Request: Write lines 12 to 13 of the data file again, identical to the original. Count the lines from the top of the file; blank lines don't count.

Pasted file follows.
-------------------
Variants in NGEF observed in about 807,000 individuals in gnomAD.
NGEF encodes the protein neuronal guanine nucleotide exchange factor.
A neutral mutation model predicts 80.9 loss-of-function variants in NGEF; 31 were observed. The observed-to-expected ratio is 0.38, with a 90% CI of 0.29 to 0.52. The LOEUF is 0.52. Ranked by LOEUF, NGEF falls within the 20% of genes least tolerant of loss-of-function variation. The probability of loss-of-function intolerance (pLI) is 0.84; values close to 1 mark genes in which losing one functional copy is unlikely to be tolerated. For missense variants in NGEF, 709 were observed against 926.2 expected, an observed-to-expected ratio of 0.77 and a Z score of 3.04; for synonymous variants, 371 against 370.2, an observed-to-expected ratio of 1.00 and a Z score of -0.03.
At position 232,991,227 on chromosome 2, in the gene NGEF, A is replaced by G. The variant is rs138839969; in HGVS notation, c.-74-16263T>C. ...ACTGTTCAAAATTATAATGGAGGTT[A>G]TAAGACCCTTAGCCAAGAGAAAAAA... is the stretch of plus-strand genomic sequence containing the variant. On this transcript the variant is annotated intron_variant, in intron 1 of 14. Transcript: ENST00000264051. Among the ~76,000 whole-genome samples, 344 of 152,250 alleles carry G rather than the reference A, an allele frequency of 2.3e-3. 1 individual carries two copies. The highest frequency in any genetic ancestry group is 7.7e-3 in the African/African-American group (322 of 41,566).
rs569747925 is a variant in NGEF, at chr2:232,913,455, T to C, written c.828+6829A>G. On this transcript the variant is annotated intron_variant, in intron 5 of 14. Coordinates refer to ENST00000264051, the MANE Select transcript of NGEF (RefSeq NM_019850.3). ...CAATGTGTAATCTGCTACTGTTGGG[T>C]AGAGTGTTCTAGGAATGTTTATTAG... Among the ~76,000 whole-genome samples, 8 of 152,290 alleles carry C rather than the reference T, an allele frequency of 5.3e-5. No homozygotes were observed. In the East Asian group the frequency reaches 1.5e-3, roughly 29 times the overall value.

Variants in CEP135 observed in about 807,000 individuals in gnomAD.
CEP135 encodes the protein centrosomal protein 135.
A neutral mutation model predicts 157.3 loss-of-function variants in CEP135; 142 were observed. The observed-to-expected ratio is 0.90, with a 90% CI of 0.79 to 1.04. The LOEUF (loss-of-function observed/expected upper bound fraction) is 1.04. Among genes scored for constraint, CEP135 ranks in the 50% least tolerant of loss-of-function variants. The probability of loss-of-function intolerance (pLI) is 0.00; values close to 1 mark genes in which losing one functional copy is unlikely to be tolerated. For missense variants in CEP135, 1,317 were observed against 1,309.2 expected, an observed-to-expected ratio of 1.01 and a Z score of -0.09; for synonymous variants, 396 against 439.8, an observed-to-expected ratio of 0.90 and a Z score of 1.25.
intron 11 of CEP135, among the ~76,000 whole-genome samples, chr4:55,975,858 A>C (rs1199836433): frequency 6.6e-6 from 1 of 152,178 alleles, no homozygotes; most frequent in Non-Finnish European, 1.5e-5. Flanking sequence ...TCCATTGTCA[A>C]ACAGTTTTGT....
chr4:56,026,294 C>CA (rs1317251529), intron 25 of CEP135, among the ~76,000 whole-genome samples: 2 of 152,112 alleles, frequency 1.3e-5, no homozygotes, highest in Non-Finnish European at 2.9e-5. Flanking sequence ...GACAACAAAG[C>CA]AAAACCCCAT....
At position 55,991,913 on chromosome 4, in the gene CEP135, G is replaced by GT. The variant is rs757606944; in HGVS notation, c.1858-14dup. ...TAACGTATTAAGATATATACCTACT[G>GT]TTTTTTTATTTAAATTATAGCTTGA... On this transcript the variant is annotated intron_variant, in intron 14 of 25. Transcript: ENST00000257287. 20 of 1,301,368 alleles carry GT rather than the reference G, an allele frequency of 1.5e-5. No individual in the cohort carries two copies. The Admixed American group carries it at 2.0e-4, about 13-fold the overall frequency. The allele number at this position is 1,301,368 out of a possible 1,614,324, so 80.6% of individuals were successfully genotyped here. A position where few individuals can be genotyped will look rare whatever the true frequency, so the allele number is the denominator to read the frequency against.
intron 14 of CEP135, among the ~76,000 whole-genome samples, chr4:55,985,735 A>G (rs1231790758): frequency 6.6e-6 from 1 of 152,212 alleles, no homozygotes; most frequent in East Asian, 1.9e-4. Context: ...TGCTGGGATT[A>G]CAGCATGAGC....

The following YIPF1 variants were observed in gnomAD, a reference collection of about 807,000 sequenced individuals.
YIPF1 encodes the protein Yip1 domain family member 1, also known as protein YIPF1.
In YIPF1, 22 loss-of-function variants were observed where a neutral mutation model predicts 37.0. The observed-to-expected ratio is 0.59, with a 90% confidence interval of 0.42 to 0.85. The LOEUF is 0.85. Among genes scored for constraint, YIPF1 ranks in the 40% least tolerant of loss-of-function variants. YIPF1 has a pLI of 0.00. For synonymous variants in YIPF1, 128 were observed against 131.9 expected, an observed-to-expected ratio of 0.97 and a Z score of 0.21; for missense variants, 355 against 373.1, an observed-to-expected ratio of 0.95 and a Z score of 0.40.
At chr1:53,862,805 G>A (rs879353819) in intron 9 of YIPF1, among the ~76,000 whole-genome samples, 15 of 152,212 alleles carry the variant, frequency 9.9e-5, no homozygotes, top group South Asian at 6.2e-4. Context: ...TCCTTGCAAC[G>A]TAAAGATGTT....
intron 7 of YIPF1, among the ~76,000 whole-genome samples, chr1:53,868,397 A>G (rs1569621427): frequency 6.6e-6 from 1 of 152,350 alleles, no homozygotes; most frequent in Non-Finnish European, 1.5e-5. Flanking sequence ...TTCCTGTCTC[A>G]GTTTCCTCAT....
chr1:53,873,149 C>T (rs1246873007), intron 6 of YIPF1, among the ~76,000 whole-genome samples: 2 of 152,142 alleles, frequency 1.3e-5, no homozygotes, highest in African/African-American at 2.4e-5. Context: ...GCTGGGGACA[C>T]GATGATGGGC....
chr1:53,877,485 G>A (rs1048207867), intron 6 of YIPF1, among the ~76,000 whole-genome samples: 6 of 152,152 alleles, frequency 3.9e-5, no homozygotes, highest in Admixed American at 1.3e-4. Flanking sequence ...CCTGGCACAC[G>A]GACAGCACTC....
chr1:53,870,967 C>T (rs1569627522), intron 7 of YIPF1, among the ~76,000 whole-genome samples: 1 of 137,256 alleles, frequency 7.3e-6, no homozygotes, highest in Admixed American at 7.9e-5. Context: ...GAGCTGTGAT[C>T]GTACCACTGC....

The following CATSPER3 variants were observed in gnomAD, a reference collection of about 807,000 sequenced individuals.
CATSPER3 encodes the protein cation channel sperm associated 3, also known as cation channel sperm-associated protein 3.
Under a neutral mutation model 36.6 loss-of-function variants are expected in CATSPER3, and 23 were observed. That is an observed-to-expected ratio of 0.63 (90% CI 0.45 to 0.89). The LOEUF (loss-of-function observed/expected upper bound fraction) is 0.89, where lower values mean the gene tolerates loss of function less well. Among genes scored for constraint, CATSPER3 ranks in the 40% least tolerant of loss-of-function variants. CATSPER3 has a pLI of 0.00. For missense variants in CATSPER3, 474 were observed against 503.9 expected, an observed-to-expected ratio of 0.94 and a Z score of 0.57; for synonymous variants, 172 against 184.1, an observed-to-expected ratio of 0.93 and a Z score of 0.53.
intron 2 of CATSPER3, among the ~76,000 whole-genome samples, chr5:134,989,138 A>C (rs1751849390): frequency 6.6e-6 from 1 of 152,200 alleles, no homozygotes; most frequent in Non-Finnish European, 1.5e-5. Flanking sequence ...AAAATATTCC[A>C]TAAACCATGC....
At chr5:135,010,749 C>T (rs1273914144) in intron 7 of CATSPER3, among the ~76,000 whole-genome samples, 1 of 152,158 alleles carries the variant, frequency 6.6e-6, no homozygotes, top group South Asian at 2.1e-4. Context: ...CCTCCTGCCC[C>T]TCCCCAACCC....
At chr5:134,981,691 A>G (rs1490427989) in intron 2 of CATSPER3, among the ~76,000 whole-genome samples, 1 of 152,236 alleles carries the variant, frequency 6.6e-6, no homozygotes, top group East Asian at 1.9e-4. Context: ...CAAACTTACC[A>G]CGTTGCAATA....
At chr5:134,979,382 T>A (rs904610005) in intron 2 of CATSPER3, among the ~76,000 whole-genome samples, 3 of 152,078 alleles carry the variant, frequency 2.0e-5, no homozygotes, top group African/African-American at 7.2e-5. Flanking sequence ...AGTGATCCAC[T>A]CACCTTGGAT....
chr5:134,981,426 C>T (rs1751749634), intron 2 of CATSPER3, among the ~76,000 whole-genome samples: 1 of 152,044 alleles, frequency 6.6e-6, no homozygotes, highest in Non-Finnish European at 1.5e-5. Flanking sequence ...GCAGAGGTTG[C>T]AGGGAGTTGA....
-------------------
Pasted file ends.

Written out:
intron 14 of CEP135, among the ~76,000 whole-genome samples, chr4:55,985,735 A>G (rs1231790758): frequency 6.6e-6 from 1 of 152,212 alleles, no homozygotes; most frequent in East Asian, 1.9e-4. Context: ...TGCTGGGATT[A>G]CAGCATGAGC....

The following YIPF1 variants were observed in gnomAD, a reference collection of about 807,000 sequenced individuals.